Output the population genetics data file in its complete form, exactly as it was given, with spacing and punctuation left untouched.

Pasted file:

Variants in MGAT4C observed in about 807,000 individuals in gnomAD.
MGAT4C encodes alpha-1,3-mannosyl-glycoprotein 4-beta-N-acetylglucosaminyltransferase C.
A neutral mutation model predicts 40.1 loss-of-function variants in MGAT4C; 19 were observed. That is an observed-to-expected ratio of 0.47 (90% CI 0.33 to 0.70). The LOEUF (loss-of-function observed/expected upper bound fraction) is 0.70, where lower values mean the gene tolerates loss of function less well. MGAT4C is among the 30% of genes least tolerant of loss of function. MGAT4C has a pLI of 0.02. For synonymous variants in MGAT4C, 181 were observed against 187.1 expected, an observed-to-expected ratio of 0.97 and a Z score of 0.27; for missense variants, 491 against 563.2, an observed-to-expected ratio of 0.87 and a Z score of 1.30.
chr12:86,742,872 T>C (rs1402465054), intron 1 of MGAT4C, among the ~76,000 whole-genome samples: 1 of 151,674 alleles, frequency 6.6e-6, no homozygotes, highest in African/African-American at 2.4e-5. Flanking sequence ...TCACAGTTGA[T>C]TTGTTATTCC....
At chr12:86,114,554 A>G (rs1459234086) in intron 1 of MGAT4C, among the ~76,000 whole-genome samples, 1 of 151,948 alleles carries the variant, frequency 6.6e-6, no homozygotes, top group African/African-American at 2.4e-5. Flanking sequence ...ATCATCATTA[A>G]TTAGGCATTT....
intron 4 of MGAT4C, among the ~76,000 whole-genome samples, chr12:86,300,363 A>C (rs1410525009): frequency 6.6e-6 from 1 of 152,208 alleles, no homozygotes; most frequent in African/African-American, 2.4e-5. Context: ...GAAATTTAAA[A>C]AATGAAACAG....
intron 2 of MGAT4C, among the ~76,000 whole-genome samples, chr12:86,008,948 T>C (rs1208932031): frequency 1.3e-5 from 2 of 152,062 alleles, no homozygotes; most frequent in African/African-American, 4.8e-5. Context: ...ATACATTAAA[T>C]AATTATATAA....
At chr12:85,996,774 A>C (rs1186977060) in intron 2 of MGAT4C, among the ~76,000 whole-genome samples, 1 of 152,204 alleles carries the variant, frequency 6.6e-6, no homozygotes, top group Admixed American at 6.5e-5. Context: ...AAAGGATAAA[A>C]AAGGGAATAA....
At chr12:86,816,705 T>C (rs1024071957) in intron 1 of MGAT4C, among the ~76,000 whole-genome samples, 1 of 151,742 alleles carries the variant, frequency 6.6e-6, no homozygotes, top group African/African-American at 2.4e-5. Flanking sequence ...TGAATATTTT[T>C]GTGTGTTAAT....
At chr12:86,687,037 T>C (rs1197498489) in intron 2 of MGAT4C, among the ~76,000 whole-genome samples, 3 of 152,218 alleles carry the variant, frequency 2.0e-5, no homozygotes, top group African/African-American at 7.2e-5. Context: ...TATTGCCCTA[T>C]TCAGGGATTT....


Variants in MGAT4C observed in about 807,000 individuals in gnomAD.
MGAT4C encodes alpha-1,3-mannosyl-glycoprotein 4-beta-N-acetylglucosaminyltransferase C.
A neutral mutation model predicts 40.1 loss-of-function variants in MGAT4C; 19 were observed. That is an observed-to-expected ratio of 0.47 (90% CI 0.33 to 0.70). The LOEUF (loss-of-function observed/expected upper bound fraction) is 0.70, where lower values mean the gene tolerates loss of function less well. MGAT4C is among the 30% of genes least tolerant of loss of function. MGAT4C has a pLI of 0.02. For synonymous variants in MGAT4C, 181 were observed against 187.1 expected, an observed-to-expected ratio of 0.97 and a Z score of 0.27; for missense variants, 491 against 563.2, an observed-to-expected ratio of 0.87 and a Z score of 1.30.
chr12:86,742,872 T>C (rs1402465054), intron 1 of MGAT4C, among the ~76,000 whole-genome samples: 1 of 151,674 alleles, frequency 6.6e-6, no homozygotes, highest in African/African-American at 2.4e-5. Flanking sequence ...TCACAGTTGA[T>C]TTGTTATTCC....
At chr12:86,114,554 A>G (rs1459234086) in intron 1 of MGAT4C, among the ~76,000 whole-genome samples, 1 of 151,948 alleles carries the variant, frequency 6.6e-6, no homozygotes, top group African/African-American at 2.4e-5. Flanking sequence ...ATCATCATTA[A>G]TTAGGCATTT....
intron 4 of MGAT4C, among the ~76,000 whole-genome samples, chr12:86,300,363 A>C (rs1410525009): frequency 6.6e-6 from 1 of 152,208 alleles, no homozygotes; most frequent in African/African-American, 2.4e-5. Context: ...GAAATTTAAA[A>C]AATGAAACAG....
intron 2 of MGAT4C, among the ~76,000 whole-genome samples, chr12:86,008,948 T>C (rs1208932031): frequency 1.3e-5 from 2 of 152,062 alleles, no homozygotes; most frequent in African/African-American, 4.8e-5. Context: ...ATACATTAAA[T>C]AATTATATAA....
At chr12:85,996,774 A>C (rs1186977060) in intron 2 of MGAT4C, among the ~76,000 whole-genome samples, 1 of 152,204 alleles carries the variant, frequency 6.6e-6, no homozygotes, top group Admixed American at 6.5e-5. Context: ...AAAGGATAAA[A>C]AAGGGAATAA....
At chr12:86,816,705 T>C (rs1024071957) in intron 1 of MGAT4C, among the ~76,000 whole-genome samples, 1 of 151,742 alleles carries the variant, frequency 6.6e-6, no homozygotes, top group African/African-American at 2.4e-5. Flanking sequence ...TGAATATTTT[T>C]GTGTGTTAAT....
At chr12:86,687,037 T>C (rs1197498489) in intron 2 of MGAT4C, among the ~76,000 whole-genome samples, 3 of 152,218 alleles carry the variant, frequency 2.0e-5, no homozygotes, top group African/African-American at 7.2e-5. Context: ...TATTGCCCTA[T>C]TCAGGGATTT....